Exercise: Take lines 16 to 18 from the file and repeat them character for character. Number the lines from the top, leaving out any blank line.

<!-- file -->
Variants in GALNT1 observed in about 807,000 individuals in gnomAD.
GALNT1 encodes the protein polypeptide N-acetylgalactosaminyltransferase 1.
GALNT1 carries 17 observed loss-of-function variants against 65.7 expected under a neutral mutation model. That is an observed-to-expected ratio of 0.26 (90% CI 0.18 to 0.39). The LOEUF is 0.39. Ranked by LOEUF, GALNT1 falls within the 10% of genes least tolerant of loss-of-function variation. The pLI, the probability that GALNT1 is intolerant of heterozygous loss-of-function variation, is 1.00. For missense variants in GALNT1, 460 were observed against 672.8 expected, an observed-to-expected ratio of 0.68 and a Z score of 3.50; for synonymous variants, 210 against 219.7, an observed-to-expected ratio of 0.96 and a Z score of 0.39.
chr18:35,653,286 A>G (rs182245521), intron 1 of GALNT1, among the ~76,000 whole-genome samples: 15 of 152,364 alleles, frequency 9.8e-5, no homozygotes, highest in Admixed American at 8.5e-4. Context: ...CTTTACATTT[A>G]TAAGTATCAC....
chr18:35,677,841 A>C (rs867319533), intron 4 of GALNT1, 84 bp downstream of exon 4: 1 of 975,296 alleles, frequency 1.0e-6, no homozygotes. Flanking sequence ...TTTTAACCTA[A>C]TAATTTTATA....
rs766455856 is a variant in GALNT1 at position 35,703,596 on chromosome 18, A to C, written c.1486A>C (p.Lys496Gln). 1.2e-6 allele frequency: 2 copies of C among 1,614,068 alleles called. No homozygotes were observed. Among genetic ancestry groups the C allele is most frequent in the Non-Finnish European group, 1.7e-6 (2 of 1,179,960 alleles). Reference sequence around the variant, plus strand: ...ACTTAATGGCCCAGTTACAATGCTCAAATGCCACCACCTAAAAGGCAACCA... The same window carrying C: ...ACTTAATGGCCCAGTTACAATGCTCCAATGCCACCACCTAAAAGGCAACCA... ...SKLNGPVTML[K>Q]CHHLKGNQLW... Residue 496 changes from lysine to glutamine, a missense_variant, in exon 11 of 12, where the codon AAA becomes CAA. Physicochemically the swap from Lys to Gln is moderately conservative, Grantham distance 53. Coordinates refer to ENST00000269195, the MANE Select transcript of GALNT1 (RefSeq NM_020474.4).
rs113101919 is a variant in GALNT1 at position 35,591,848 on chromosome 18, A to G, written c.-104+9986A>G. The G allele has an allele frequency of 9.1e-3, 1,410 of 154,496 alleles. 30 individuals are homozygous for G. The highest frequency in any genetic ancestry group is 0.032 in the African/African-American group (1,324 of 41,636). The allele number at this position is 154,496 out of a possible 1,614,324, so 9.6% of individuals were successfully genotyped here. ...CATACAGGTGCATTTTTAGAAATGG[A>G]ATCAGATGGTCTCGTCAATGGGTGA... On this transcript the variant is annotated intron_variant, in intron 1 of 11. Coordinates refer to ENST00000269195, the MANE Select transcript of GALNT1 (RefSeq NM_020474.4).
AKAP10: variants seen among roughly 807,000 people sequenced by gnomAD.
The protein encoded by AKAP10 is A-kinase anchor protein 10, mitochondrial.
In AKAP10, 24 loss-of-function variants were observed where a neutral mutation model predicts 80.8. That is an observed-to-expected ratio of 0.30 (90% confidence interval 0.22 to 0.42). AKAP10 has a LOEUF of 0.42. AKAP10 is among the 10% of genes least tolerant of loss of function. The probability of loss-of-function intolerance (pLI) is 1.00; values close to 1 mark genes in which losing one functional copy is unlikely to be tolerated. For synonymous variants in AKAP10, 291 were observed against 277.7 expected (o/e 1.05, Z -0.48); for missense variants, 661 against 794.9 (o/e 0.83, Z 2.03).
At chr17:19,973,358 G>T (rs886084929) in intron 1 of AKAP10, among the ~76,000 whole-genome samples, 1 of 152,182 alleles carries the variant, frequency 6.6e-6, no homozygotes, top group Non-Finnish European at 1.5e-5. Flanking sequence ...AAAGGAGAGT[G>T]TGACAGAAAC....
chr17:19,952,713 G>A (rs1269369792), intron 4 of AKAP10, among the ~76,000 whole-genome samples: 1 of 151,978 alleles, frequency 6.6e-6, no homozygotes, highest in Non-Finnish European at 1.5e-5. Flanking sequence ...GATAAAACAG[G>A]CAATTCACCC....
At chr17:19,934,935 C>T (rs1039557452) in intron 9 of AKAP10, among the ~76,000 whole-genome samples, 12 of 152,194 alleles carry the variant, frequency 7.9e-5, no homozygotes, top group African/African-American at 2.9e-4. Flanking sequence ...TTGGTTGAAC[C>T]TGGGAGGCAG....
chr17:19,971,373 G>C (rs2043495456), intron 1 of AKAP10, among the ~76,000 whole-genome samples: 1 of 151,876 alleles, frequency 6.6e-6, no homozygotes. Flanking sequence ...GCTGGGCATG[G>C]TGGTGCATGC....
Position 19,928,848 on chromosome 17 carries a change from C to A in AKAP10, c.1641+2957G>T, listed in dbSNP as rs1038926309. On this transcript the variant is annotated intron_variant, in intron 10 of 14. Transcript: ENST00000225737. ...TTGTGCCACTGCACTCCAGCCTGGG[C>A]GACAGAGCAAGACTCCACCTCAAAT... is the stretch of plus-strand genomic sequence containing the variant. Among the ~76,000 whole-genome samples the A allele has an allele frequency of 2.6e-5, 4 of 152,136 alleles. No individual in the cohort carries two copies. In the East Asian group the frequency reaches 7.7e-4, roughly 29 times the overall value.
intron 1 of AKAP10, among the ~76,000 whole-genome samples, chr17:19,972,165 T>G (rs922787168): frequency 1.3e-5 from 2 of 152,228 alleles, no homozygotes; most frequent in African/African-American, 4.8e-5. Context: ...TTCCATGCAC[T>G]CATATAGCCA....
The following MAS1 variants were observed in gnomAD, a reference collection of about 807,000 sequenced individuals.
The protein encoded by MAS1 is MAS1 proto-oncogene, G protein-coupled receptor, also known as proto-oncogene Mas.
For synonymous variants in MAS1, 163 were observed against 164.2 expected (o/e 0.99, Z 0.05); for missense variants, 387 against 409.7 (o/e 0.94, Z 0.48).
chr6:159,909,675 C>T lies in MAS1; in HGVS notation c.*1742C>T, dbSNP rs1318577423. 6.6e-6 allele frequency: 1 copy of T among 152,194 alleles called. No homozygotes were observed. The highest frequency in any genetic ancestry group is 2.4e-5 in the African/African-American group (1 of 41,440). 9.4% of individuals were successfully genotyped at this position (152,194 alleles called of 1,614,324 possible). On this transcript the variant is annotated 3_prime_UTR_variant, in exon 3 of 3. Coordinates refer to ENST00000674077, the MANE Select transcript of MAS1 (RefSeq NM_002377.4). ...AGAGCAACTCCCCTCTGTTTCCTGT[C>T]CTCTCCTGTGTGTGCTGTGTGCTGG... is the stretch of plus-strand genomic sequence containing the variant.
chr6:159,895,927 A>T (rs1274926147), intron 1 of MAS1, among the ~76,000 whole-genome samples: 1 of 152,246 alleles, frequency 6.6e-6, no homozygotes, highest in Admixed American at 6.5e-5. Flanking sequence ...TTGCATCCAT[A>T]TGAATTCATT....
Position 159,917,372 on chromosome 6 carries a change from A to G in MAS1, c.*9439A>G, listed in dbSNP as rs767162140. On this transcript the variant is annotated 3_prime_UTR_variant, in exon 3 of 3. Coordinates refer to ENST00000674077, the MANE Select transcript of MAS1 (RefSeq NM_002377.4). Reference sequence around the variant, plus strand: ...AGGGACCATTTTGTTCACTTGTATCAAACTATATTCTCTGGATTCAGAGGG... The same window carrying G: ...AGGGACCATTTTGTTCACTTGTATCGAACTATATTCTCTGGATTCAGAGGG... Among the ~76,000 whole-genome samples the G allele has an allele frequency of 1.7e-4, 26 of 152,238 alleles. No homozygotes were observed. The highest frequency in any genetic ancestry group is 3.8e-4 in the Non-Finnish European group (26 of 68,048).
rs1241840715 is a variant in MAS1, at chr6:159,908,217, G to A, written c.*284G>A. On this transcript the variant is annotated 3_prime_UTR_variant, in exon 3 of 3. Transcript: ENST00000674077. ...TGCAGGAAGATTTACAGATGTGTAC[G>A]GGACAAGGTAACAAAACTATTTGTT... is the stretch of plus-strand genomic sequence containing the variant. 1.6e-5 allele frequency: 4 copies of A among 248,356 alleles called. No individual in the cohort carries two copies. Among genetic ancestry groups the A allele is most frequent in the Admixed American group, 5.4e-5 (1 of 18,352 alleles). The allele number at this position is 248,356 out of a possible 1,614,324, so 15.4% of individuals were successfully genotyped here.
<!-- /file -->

intron 1 of AKAP10, among the ~76,000 whole-genome samples, chr17:19,972,165 T>G (rs922787168): frequency 1.3e-5 from 2 of 152,228 alleles, no homozygotes; most frequent in African/African-American, 4.8e-5. Context: ...TTCCATGCAC[T>G]CATATAGCCA....
The following MAS1 variants were observed in gnomAD, a reference collection of about 807,000 sequenced individuals.
The protein encoded by MAS1 is MAS1 proto-oncogene, G protein-coupled receptor, also known as proto-oncogene Mas.